‘Of mice and men’.
Bucking Barley- Throwing large bags of Barley grain onto the back of a truck. •
Jerkline Skinner- A jerkline is a single rein that runs to the lead animal in the team of mules or horses. The skinner controls the jerkline. •
Ranch Hand- A hired hand on a ranch.
Life working on farms/ranches in the 1930’s America. If you were a farmer in the Midwest and Southwest during the 1930s, you had seemingly everything against you--from the Great Depression to dust storms and drought, according to Robin A. Fanslow with the Library of Congress. This trifecta of poor circumstances pushed many farmers to seek work elsewhere, in the more temperate California climate, prompting a mass exodus West. Once you reached California, you continued to be transient, according to the LOC. This was the case because you basically "followed the harvest," travelling from place to place to harvest whatever crop was in season. Earlier in the decade, there was a mentality that workers would be provided with the barest means, such as poor food, and then simply "sent on their way," according to UC-Davis. With reform, that changed and migrant worker camps were established; essentially, these were a federally-sponsored network of camps that provided shelter as well as health care, work counselling and food Though these camps mandated that workers volunteer a specified amount of time, you didn't just work; you also had opportunities to play, according to the Library of Congress. It reports that there was a sense of culture that flourished in the camp. Music served as one of the biggest recreational activities; popular among workers were traditional Anglo-Celtic ballads, as well as early country works by the likes of Gene Autry. The LOC also reports that music was created during this period by artists like Mary Sullivan and Jack Bryant, who documented what it was like to be a migrant in song. If you were a worker travelling from Mexico during this time, or an American of Mexican ethnic origin, you made far less than your white counterparts on the same job, according to the Oakland Museum of California. That being said, you still earned more in the states than you did in Mexico during this time. Mexican-American migrants patched together shelter from anything they could find, be it burlap, canvas or branches. Though it's estimated that in the 1920s, 75 per cent of migrant workers were of Mexican origin, as the country fell into the Great Depression, white workers took over their jobs, leaving many Mexican-Americans unemployed. Your work options expanded with the advent of World War II. For this reason, migrant work became far less necessary and, in turn, far less desirable. Many former migrant workers, according to the Library of Congress, went overseas to serve in the war. Still others supported the war effort stateside, taking on positions at coastal shipyards or at defence plants. •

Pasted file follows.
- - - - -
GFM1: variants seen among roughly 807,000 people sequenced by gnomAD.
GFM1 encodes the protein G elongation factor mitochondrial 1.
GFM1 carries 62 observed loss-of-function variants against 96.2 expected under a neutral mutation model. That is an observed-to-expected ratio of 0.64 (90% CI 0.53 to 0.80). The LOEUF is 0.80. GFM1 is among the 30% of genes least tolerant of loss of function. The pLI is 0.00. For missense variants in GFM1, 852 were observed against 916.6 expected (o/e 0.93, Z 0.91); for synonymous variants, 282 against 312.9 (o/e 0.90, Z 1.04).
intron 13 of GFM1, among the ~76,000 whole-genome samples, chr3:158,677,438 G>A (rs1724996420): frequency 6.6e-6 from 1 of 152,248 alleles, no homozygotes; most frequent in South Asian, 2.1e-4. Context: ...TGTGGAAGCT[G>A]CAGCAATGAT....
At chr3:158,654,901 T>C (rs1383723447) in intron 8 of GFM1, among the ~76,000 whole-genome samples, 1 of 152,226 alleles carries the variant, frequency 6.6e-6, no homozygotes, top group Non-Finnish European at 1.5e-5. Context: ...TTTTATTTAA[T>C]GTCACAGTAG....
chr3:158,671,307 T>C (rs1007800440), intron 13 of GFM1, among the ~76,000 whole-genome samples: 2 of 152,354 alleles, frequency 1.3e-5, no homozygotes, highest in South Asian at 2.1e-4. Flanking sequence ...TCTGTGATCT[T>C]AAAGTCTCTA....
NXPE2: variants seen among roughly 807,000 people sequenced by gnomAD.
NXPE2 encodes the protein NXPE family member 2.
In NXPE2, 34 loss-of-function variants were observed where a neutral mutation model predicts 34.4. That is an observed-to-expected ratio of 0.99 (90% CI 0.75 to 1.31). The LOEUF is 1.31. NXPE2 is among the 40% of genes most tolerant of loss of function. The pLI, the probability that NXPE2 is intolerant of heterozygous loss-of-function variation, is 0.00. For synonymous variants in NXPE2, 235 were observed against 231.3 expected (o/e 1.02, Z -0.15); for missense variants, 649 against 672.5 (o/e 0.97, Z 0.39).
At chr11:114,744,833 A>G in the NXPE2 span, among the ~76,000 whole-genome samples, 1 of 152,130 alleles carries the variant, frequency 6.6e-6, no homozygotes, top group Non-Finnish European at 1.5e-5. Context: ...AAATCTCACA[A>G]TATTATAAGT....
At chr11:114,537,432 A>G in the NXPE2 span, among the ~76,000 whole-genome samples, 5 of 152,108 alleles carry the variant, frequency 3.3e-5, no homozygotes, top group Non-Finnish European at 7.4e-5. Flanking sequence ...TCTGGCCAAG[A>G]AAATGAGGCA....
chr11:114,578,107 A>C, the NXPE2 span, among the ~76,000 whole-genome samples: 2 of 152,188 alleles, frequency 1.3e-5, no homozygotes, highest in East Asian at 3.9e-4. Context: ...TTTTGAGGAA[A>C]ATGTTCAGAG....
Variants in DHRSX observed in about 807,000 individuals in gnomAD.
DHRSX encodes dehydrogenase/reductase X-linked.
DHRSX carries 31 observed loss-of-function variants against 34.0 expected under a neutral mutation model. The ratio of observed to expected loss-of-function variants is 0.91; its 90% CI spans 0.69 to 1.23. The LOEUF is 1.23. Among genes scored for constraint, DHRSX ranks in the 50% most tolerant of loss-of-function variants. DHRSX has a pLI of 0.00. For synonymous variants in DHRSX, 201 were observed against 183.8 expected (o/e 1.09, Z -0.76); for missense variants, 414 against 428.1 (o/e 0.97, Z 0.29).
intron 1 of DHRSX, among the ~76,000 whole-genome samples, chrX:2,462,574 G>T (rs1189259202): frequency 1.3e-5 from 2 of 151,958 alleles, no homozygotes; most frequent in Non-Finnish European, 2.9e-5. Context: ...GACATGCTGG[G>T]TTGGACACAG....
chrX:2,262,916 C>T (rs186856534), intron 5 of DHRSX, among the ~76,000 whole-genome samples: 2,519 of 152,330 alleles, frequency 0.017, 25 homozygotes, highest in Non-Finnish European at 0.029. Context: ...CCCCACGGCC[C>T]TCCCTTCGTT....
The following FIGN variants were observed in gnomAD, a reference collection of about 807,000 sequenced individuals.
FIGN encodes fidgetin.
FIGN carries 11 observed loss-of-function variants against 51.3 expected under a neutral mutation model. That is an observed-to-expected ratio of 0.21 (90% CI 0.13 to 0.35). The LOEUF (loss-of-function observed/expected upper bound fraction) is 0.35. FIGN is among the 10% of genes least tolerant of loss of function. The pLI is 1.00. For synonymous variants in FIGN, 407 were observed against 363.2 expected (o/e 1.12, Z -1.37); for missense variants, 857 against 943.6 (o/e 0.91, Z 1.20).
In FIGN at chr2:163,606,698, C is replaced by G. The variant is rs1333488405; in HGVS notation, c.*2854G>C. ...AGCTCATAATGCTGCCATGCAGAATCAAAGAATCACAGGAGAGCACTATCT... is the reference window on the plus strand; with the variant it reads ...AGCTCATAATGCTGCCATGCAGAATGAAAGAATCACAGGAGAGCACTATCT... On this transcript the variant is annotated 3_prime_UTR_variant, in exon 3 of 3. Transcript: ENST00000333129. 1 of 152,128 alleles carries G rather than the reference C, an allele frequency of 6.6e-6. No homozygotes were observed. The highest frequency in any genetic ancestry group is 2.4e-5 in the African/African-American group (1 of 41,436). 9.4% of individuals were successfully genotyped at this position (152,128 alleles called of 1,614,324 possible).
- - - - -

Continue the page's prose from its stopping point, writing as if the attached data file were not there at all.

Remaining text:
John Steinbeck- the writer of the book.
Although he spent a few years at Stanford University, the academic life did not suit John Steinbeck, because what he really wanted to do was to write. And write he did. Steinbeck penned twenty-seven novels, three collections of short stories, and numerous essays between 1929 and his death in 1968. He is best known for The Grapes of Wrath, a Depression-era (1930s) novel that follows the migratory experiences of the Joad family, who travel from the ravaged Oklahoma Dust Bowl to the “Promised Land” of California. Committed to diversity in his writing, Steinbeck’s other works of note include the semiautobiographical novel East of Eden, the comical Tortilla Flat, the travelogue Travels With Charley, and the nonfiction work Log From the Sea of Cortez. Essential facts.
Although many people believe him to be a lifelong Californian, Steinbeck spent much of his life in New York and eventually shed most of his ties to the Salinas Valley. 2.
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